For example, the biggest bang for our buck when it comes to reducing GHG emissions will be in reducing how much we and our guests use private cars to get around. We're doing OK when it comes to commercial and residential buildings. So why, especially given our experience with Cheakamus Crossing, spin our wheels and waste time exploring a district energy system for the entire Village? It'll be complex, expensive and, if our current experience is any indication, ineffective.

Want to reduce GHGs related to Village buildings? You can do it today in two small idea steps: Ban propane patio heaters and make retail stores shut their damn doors during the winter! Both seem like no-brainers. Both have immediate impacts. Both represent ridiculous, visible, gross wastes of energy. Both can be changed with a simple bylaw. Oops, there's that political will thing again.

BIG idea #3: Before leaving land use planning and tackling the beast — vehicle emissions — here's an idea, maybe even a BIG idea, maybe two.

If we take the first four recommended actions under land use planning and roll them into one, what do we have? We want complete and compact neighbourhoods. We may want to increase the number of employees living locally. We want to reduce auto trip distances and we want to locate development/redevelopment near settled areas served by transit, pedestrian and cycling routes.

There are two spots that fill all those desires... and neither of them are at Cheakamus since building more housing there will just add to our transportation woes and increase GHG. The first is the municipal works yard. It's walking distance to Nesters and the village, on a transit route and the Valley Trail. It's serviced, flat, easily redeveloped. The works yard can be relocated to the old Capilano Highways yard, a spot that actually makes more sense since it's not good for housing.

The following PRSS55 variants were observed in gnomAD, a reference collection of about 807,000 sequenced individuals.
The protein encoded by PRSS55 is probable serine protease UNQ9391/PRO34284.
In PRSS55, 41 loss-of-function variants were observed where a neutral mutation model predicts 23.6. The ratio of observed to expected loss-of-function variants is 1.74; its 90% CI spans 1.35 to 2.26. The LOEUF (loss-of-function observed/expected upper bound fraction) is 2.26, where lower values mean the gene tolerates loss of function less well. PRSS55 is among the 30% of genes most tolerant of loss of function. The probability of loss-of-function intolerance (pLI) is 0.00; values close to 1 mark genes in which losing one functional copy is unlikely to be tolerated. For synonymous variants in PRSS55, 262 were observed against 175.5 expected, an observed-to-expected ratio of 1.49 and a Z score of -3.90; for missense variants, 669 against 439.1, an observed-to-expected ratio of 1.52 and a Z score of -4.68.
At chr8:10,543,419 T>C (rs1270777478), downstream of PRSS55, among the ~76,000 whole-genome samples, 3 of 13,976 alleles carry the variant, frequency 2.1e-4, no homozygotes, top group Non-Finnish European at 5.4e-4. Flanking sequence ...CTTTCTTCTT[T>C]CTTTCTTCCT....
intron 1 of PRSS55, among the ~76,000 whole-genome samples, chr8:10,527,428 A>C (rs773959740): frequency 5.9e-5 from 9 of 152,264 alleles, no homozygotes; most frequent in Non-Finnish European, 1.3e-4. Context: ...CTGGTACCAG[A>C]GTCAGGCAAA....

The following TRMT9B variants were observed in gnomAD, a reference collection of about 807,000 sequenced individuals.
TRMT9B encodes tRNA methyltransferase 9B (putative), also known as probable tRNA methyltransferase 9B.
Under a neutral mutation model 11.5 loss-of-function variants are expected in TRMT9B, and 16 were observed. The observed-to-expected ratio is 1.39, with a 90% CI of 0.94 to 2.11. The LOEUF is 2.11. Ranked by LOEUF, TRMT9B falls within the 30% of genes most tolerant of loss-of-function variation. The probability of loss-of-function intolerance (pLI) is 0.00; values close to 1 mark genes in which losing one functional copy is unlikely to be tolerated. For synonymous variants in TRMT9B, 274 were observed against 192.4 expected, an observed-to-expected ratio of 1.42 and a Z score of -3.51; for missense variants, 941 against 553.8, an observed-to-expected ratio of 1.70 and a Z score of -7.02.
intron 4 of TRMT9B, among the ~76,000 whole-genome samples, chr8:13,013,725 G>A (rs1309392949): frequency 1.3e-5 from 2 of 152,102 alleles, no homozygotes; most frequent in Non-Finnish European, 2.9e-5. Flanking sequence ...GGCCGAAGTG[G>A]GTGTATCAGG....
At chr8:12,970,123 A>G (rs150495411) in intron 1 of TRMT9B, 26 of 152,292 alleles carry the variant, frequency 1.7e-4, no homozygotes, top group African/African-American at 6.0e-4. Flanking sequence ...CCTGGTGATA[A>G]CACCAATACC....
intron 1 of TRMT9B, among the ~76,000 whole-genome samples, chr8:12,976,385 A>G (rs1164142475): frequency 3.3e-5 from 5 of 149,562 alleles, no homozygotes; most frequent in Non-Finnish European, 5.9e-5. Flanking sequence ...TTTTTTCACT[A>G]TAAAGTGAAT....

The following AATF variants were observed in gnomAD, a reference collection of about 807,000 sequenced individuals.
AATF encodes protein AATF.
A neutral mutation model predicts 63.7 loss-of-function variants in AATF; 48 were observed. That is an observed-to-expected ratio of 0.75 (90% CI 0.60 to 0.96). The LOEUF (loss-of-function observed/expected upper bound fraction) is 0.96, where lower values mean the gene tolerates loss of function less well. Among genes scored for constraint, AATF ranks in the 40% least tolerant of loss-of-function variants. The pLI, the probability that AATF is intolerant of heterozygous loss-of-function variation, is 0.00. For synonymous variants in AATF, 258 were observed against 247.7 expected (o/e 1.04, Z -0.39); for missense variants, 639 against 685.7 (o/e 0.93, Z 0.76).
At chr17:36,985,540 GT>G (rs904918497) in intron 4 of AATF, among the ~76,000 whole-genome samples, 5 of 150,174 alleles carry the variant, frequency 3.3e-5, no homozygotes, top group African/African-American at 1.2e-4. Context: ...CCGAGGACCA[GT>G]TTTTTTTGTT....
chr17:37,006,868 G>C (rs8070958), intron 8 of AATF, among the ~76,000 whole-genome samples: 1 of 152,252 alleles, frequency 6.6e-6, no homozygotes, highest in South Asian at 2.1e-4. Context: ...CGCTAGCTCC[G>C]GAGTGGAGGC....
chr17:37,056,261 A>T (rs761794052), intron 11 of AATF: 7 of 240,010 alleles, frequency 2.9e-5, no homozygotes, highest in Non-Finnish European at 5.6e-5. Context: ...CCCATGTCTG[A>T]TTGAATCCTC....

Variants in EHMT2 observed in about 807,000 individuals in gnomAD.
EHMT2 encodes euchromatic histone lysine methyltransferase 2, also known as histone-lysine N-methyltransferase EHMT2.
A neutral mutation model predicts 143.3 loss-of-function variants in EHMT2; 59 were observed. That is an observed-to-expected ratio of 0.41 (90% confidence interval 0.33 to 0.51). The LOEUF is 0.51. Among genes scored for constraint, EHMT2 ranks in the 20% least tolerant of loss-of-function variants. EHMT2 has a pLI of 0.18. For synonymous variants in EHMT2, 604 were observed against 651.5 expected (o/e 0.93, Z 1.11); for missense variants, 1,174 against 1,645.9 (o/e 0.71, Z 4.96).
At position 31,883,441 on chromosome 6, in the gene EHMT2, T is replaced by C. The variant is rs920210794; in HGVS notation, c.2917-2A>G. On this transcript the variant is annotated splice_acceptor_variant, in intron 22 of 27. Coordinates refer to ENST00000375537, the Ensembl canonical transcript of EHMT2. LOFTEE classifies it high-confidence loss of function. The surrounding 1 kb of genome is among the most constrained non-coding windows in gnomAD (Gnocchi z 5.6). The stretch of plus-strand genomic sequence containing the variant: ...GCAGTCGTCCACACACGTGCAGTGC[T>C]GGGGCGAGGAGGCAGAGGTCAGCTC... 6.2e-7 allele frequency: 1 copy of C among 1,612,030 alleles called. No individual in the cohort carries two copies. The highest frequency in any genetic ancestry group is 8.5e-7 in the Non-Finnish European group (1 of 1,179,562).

The second location is even closer to the Village and all amenities: half the Whistler golf course. Golf courses, in general, are anathema to sound climate action plans. They take up lots of land, they use lots of water and fertilizer, they're pimped by lots of gas-burning machines, they're dormant six or seven months of the year and, if we opened the books, we'd likely discover they're not much of a net revenue generator.

It takes a lot of time to play 18 holes of golf. People are stressed for time. Throughput on a golf course isn't very high — a foursome every 10 minutes if you rush people. Courses generally aren't very busy most of the day, Monday to Friday. Converting the Whistler golf course to a nine-hole course would be attractive to people who don't have time to play 18. The cost to play nine holes is generally way more than half the cost to play 18 so the net revenue effect, considering the reduced expense of maintaining nine holes and the ongoing revenue from the clubhouse/restaurant, wouldn't be that great.

And what a beautiful place for housing. Walk to the village, dip under the highway so seniors on scooters could even safely make it, assuming adequate snow clearing. Win, win, win.

Next week — last instalment; I promise — we'll tackle the beasts of the highway. For Part 1 go to